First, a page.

Mihai Raducanu: [00:02:30] But yeah, that was, that was, that’s where my journey started. I mean, my mom just said, Hey, you should play basketball. And I remember showing up and you get right into right into it, and there’s 12 other guys your age and, and they put a ball in your hand and you know, they put you through all kinds of training sessions and you either like it or you don’t want to do this.

No.  there’s no in between right?

Mike Klinzing: [00:02:52] What’d you like about basketball when you first get introduced to it? What was it about the game that struck you and said, Hey, I want to keep doing this

Mihai Raducanu: [00:02:58] Same thing. I love about it [00:03:00] today and I’ll be 40 next month. I’ll be 40 years old. And  same thing. I love about it today.

I love being on the court with a bunch of like-minded guys that I know they have my back. And I absolutely love competing. I just loved competing. But having four other guys on the court with me, and to this day, I still love it.

Mike Klinzing: [00:03:19] What do you remember about some of the training methods when you went to that camp for the 10 tallest people in your age level?

What do you remember about some of the training that you did at that time?

Mihai Raducanu: [00:03:29] Well, we had, so that was 1993 and our coach was above 91 years old. This is better joke, not a joke. So the training that is extremely outdated, but,  there were hard, we were running up and down Hills. We were.  carrying each other up and downhills who were puking were rolling down Hills in our own puke.

And we were, it was just, it was just grueling. But interestingly enough. [00:04:00]  I still talk to some of those guys to this day. They were on that theme that we had our backs and it was really a theme building. The guy was a Phil Jackson type of guy before, before his son.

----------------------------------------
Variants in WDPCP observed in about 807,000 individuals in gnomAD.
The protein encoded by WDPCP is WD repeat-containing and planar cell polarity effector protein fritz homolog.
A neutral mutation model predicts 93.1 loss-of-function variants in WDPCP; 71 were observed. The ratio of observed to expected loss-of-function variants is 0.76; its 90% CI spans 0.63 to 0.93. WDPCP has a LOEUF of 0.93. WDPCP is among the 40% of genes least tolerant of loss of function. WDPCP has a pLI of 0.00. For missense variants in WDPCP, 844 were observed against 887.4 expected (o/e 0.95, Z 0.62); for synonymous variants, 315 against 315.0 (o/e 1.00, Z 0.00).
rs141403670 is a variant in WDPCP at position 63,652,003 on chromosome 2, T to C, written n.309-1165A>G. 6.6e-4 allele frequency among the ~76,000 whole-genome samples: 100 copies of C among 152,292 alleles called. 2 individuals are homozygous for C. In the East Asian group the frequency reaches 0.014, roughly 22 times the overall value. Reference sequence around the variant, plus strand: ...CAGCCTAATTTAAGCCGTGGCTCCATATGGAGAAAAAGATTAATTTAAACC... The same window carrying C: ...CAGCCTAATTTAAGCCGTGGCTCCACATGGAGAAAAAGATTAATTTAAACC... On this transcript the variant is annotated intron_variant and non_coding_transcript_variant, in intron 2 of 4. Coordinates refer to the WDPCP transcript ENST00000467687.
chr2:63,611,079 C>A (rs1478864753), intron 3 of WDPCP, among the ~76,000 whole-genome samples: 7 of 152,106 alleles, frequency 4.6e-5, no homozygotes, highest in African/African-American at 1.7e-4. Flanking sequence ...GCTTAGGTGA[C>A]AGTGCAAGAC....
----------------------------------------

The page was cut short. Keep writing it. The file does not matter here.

Mike Klinzing: [00:04:12] Interesting. And so when you, when you’re training with those guys and you’re playing on this team, what is your season look like?

Like how many games are you playing with that particular group and what was the level of basketball like? If you could. Give us something to compare it to. What was that level of basketball like in Romania?

Mihai Raducanu: [00:04:30] Yeah, so for me, because we were so young, so we were the third team down. So there was a pro theme, did the number one theme that was playing.

Then there was a group of guys right underneath them. They were kind of jumping back and forth between playing on the big court. We used to call it, and they would play,  in different national tournaments. Or regional tournaments and national tournaments. And then for us, where the young kids that were there were just prepping.